It looks as though OnLive's days are numbered, as the company has announced that Sony Computer Entertainment has agreed to purchase "various" OnLive assets that include the company's U.S. and international patent portfolio for cloud gaming services. The financial information and the terms of the transaction were not provided.
A press release distributed late Thursday evening said that customers will have access to OnLive's services until April 30, 2015. This will include Second Life (aka SL Go), OnLive Desktop and the OnLive Game Service. Subscriptions will not be renewed, and those that renewed on or after March 28 will get a refund.
Moreover, customers who purchased Steam games from OnLive will obviously still have those games in their library after OnLive closes its doors. Customers who purchased a PlayPass, which was essentially buying a game that's stored in the cloud, will not see a refund. These games will no longer be available after April 30, 2015.
"Following the termination of the company's services and related products, OnLive will engage in an orderly wind-down of the company and cease operations," the press release stated.
So what happened? For gamers who don't have the resources to build a gaming machine, OnLive seemed like the ideal answer to playing PC games in high definition. These games could be streamed to tablets and smartphones. A representative told Tom's Hardware that this kind of business needs the scale that only a large company like Sony can bring.
"After five years of uninterrupted service, the OnLive Game Service will be coming to an end," the OnLive site said Thursday evening. "Sony is acquiring important parts of OnLive, and their plans don't include a continuation of the game service in its current form."
"As the first-ever game streaming service of its kind, everyone who has ever played a game using OnLive has contributed to the technology and its evolution in some way," the site added. "We're immensely proud of what's been achieved and extend our heartfelt gratitude to you for being a part of the OnLive Game Service."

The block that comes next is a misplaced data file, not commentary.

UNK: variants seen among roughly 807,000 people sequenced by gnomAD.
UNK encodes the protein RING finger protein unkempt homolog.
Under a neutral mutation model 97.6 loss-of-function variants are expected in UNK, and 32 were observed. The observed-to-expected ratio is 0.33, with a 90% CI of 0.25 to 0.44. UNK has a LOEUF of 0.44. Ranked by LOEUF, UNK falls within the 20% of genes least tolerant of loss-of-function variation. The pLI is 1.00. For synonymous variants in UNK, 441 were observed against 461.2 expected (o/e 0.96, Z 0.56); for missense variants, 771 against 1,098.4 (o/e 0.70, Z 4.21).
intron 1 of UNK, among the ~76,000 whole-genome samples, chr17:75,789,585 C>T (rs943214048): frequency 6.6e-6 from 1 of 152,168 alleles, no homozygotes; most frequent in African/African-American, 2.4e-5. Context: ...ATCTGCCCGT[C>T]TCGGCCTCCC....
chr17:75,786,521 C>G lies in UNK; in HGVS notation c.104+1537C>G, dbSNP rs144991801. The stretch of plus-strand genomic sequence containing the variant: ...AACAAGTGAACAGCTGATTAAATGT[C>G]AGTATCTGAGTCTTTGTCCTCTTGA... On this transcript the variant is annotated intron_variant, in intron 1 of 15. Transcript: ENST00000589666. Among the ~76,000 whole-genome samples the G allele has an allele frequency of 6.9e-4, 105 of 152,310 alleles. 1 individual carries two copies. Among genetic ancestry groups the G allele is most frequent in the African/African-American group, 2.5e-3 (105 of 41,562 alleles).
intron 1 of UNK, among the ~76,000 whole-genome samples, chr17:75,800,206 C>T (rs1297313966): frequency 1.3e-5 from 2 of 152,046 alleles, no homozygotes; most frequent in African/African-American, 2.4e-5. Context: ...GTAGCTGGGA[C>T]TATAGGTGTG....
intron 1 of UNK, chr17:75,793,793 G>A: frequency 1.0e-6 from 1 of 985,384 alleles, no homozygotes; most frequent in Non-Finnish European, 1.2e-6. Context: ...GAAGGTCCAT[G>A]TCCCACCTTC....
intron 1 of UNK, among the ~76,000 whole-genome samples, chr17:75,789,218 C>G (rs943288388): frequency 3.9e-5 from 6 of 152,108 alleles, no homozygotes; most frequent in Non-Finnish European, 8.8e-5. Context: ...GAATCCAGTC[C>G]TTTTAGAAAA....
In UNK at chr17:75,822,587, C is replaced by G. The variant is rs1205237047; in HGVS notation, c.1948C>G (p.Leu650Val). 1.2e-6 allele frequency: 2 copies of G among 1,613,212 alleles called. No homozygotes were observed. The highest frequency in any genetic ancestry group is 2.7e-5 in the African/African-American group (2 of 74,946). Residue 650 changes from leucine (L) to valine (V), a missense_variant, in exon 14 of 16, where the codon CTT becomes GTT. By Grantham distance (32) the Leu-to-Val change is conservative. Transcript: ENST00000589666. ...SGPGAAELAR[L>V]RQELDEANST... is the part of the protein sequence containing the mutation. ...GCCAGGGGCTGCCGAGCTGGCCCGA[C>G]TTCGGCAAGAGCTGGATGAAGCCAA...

In addition to the PayPass model, OnLive offered an all-you-can-eat buffet of games, aka the PlayPack service, for a monthly fee. The company also introduced a new model in mid-2014 called CloudLift that allowed Steam customers to stream those games to the OnLive client: no game installs were necessary. At one point, the company also sold a microconsole and compatible game controllers.
The OnLive game service launched in June 2010 and originally cost $14.95 per month. OnLive appeared during the rebirth of PC gaming, offering a cloud solution that doesn't require hefty system requirements. Farmville, Angry Birds and other "cloud" games were at their peak in terms of popularity, and during that time, OnLive demonstrated that like those games, popular PC titles could be played anywhere and virtually on any gadget.
However, by August 2012, Steve Perlman had stepped down as CEO while the company laid off its employees and sold all of its assets for a mere $4.8 million (at one time the company was worth around $1.8 billion). A new company, also called OnLive, rose from those ashes and seemingly continued where the old version left off.
Unfortunately, given the financial troubles the company had endured over the years, the sale isn't all that surprising. However, a sale to Sony is a real eye-opener, as Sony is a company that already purchased OnLive's arch nemesis, Gaikai, back in 2012. What will Sony do with OnLive's portfolio? Merge it into PlayStation Now?
A representative clarified that Sony has agreed to acquire OnLive's 140 patents and 132 pending patents. As for what will happen to all of the equipment, operations will be winding down over the next 60 days, and the hardware will be sold. Many of the former OnLive employees may find themselves working for Sony after the patent transaction is complete.
As a former OnLive customer, news of the closure is somewhat saddening. However, this technology may be what Sony needed to stream PlayStation Now to PCs, smartphones and tablets without getting into patent-tainted trouble.